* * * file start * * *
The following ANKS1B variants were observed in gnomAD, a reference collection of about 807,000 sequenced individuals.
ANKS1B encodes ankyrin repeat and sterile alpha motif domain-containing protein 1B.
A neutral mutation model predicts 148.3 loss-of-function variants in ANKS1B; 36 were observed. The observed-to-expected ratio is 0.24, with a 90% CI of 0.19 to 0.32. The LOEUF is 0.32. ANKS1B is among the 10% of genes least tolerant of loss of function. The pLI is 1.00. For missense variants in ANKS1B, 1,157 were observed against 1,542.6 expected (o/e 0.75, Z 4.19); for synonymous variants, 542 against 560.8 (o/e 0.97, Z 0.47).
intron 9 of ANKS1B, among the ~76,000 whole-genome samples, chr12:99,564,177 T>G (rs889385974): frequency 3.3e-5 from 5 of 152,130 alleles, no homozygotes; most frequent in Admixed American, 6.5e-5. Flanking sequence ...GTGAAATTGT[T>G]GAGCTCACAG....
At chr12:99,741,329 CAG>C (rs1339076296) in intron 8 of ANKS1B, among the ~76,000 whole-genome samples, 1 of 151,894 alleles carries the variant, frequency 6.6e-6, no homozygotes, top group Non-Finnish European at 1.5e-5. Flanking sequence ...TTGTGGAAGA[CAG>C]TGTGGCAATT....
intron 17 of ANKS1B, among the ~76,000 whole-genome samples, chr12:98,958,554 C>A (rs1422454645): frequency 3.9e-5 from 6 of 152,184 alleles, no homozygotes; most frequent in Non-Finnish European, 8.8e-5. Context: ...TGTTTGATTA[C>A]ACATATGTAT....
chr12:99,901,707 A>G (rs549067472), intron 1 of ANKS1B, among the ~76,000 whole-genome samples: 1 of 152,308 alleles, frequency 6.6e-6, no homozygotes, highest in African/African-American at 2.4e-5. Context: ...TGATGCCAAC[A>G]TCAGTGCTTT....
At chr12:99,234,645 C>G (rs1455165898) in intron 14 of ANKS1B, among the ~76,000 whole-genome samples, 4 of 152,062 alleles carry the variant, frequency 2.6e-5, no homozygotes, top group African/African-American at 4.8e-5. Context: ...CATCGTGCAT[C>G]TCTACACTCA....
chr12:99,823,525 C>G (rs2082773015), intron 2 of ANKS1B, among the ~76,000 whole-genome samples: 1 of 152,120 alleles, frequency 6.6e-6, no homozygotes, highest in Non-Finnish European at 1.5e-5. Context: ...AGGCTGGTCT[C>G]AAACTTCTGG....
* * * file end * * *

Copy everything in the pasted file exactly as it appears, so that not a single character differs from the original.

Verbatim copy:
The following ANKS1B variants were observed in gnomAD, a reference collection of about 807,000 sequenced individuals.
ANKS1B encodes ankyrin repeat and sterile alpha motif domain-containing protein 1B.
A neutral mutation model predicts 148.3 loss-of-function variants in ANKS1B; 36 were observed. The observed-to-expected ratio is 0.24, with a 90% CI of 0.19 to 0.32. The LOEUF is 0.32. ANKS1B is among the 10% of genes least tolerant of loss of function. The pLI is 1.00. For missense variants in ANKS1B, 1,157 were observed against 1,542.6 expected (o/e 0.75, Z 4.19); for synonymous variants, 542 against 560.8 (o/e 0.97, Z 0.47).
intron 9 of ANKS1B, among the ~76,000 whole-genome samples, chr12:99,564,177 T>G (rs889385974): frequency 3.3e-5 from 5 of 152,130 alleles, no homozygotes; most frequent in Admixed American, 6.5e-5. Flanking sequence ...GTGAAATTGT[T>G]GAGCTCACAG....
At chr12:99,741,329 CAG>C (rs1339076296) in intron 8 of ANKS1B, among the ~76,000 whole-genome samples, 1 of 151,894 alleles carries the variant, frequency 6.6e-6, no homozygotes, top group Non-Finnish European at 1.5e-5. Flanking sequence ...TTGTGGAAGA[CAG>C]TGTGGCAATT....
intron 17 of ANKS1B, among the ~76,000 whole-genome samples, chr12:98,958,554 C>A (rs1422454645): frequency 3.9e-5 from 6 of 152,184 alleles, no homozygotes; most frequent in Non-Finnish European, 8.8e-5. Context: ...TGTTTGATTA[C>A]ACATATGTAT....
chr12:99,901,707 A>G (rs549067472), intron 1 of ANKS1B, among the ~76,000 whole-genome samples: 1 of 152,308 alleles, frequency 6.6e-6, no homozygotes, highest in African/African-American at 2.4e-5. Context: ...TGATGCCAAC[A>G]TCAGTGCTTT....
At chr12:99,234,645 C>G (rs1455165898) in intron 14 of ANKS1B, among the ~76,000 whole-genome samples, 4 of 152,062 alleles carry the variant, frequency 2.6e-5, no homozygotes, top group African/African-American at 4.8e-5. Context: ...CATCGTGCAT[C>G]TCTACACTCA....
chr12:99,823,525 C>G (rs2082773015), intron 2 of ANKS1B, among the ~76,000 whole-genome samples: 1 of 152,120 alleles, frequency 6.6e-6, no homozygotes, highest in Non-Finnish European at 1.5e-5. Context: ...AGGCTGGTCT[C>G]AAACTTCTGG....